The play had only been done at Hartford Stage Company. I guess maybe I asked, "Did you guys submit it?" But it was far from my radar. I didn't even know it was the day the Pulitzer was announced. I was at Wesleyan teaching, and my phone was off, which is when it got announced. My class was three hours long there. So everyone knew before me. I had so many voice mails from my husband and my agent. There are all these weird, hysterical messages--it's funny, I've saved them, and my husband gets so mad about that, he sounds like he's hyperventilating. The way he found out is he was looking at the New York Times site, and he was like, "Whaaat???" And his friend came in from the office next door and said, "I think I just saw your wife's name." He was like, "Oh my God!"

No one from the committee calls to tell you the news?

No, they just release it to the press. You find out when the world finds out, and in my case I found out after the world found out. Then everyone's calling me, and I'm in Connecticut and I have to drive home. And usually for me the drive is really relaxing; I put on music and I take the country roads. My husband was like, "You gotta come home, we gotta celebrate!" And I was like, "I can't come home right now, I will crash the car." So I just sat in the grass at Wesleyan for a few hours until I was kind of calmer, and then I got in the car and drove home. It was amazing. By the time I got home, a few friends were already here. We celebrated that night.

Apr 11, 2014


I came across this lede in an old review of mine while working on my recent feature on Nick Offerman and Megan Mullally, and it struck as worth highlighting. The review is of the Mike Leigh play Ecstasy, and though it may not sound like it, I intended this as a compliment to Leigh:
Like documentary filmmaking, theatrical naturalism implicitly lays claim to direct, unmediated truth: This is how things really are, how people really behave, how time really passes. That's rot, of course. From the time we're children, it is storytelling and play-acting, and the distorting stylizations that accrue to them naturally, which come to us easily, almost unconsciously, and which thus express much about who we are and imagine ourselves to be. Authentic observation and reportage, on the other hand, take herculean effort and soul-searching--and inevitably involve more conscious interpretation, circumspection, and, yes, stylization.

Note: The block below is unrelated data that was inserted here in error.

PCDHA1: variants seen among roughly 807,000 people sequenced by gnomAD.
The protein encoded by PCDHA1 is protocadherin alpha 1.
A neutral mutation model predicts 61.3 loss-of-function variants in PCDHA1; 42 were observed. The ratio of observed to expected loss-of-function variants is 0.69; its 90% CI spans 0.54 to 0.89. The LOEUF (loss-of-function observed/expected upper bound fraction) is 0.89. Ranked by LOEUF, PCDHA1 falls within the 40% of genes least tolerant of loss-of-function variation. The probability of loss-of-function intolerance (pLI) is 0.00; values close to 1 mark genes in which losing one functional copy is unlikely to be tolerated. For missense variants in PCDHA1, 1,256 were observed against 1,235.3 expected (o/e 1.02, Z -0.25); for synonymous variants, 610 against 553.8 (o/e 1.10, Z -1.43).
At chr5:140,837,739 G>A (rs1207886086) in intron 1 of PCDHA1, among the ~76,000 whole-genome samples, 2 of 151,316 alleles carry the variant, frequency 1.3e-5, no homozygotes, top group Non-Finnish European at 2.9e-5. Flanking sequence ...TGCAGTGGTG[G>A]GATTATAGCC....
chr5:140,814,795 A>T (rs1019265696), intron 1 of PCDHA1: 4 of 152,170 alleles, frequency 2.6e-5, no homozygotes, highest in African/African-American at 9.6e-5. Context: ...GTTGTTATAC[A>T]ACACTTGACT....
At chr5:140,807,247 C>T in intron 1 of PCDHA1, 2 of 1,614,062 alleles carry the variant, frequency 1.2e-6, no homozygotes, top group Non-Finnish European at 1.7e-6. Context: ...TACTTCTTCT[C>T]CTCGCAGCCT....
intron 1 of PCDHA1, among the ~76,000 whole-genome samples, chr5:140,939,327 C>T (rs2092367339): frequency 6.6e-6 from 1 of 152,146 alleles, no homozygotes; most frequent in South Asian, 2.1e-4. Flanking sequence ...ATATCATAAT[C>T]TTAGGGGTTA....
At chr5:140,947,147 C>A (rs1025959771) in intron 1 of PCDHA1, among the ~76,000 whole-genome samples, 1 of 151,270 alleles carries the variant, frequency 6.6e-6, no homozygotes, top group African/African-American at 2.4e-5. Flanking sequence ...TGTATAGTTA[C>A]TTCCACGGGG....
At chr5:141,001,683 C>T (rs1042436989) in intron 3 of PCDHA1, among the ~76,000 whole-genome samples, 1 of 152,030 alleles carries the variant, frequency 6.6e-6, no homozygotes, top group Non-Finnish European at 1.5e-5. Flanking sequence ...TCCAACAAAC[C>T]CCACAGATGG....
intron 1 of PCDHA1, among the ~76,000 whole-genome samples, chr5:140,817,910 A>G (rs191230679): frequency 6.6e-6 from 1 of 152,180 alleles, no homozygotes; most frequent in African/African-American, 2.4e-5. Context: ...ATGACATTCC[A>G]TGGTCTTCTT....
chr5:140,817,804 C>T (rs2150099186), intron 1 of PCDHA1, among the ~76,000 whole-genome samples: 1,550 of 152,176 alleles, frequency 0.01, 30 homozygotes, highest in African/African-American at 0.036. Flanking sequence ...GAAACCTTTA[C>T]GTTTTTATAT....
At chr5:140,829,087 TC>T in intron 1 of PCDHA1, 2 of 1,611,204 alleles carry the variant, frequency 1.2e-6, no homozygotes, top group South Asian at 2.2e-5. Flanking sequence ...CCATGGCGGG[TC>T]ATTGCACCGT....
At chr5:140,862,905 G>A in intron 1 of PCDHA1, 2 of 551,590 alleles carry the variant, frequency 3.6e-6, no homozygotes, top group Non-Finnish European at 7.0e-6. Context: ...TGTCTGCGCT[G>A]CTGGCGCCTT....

Given more time and space to develop this line of thinking, I'm not quite sure I'd come up with. But I'm glad I put this down as a kind of marker for further exploration.

Apr 3, 2014

Full Circle

One reason I was so disappointed by Classic Stage Company's muddled, soporific staging of Brecht's Caucasian Chalk Circle last year was that two of the most formative theatergoing experiences of my life have been adaptations of that difficult, sprawling political fable: Cornerstone's Central Avenue Chalk Circle in 1995, in which playwright Lynn Manning reset the action in a near-future dystopian California, and Bill Rauch staged it all around a former union hall in Watts, with a deftly interwoven cast of pros and non-pros, a live band, several memorable coups de theatres, and a palpable sense of immediacy and locality that, of course, put audiences directly in touch with Brecht's original themes of justice, avarice, and compassion.

The other, in 2000, was Chuck Mee's ambitious, seriously playful The Berlin Circle, which confronted head-on the bitter, double-edged irony that the communist "republic" Brecht had made his home had crumbled along with the joyously dismantled Berlin Wall, and Western liberalism, both economic and political, had accordingly scrambled old alliances and left/right verities. Mee's version kept the skeleton of the original plot but made several witty gambles and feints; his Azdak, for instance, was Heiner Muller, the inheritor of Brecht's Berliner Ensemble. John Fleck played the part with nervy authority, in a production that kicked off a run of great theater at one of L.A.'s best companies ever, Evidence Room, in its former bra factory space in the Rampart area near downtown, just down the street from the first paper that employed me, the Downtown News(That original troupe later fractured; the space remains but the company is itinerant.)

That Circle also kicked off another great run: In the cast were Megan Mullally, just then at the lift-off of her TV fame on Will & Grace, and a young Chicago actor named Nick Offerman (in only his second L.A. stage appearance; I'd caught his memorable first appearance, in the altogether, in Mike Leigh's Ecstasy). And thus began one of Hollywood's stranger, funnier power couples (see video above). It was gratifying, then, to sit down with Megan and Nick recently after all these years on the occasion of their return to the boards: Sharr White's Annapurna, which Evidence Room's Bart DeLorenzo staged last year at L.A.'s Odyssey Theater, and which begins performances April 13 at the New Group's Acorn Theater right here in NYC, and for the paper of record.

(Annapurna, by the way, marks Megan's return to the New York stage, where she's appeared fitfully over the years, but it's not technically Nick's Gotham stage debut: He subbed in for a few nights in the non-singing role of the boss in The Adding Machine at the Minetta Lane, while his wife was uptown warbling in Young Frankenstein. The last time I saw him in person, actually, was after catching him in Adding Machine; then he hopped on his bike and rode back down to his boat-building studio in Red Hook.)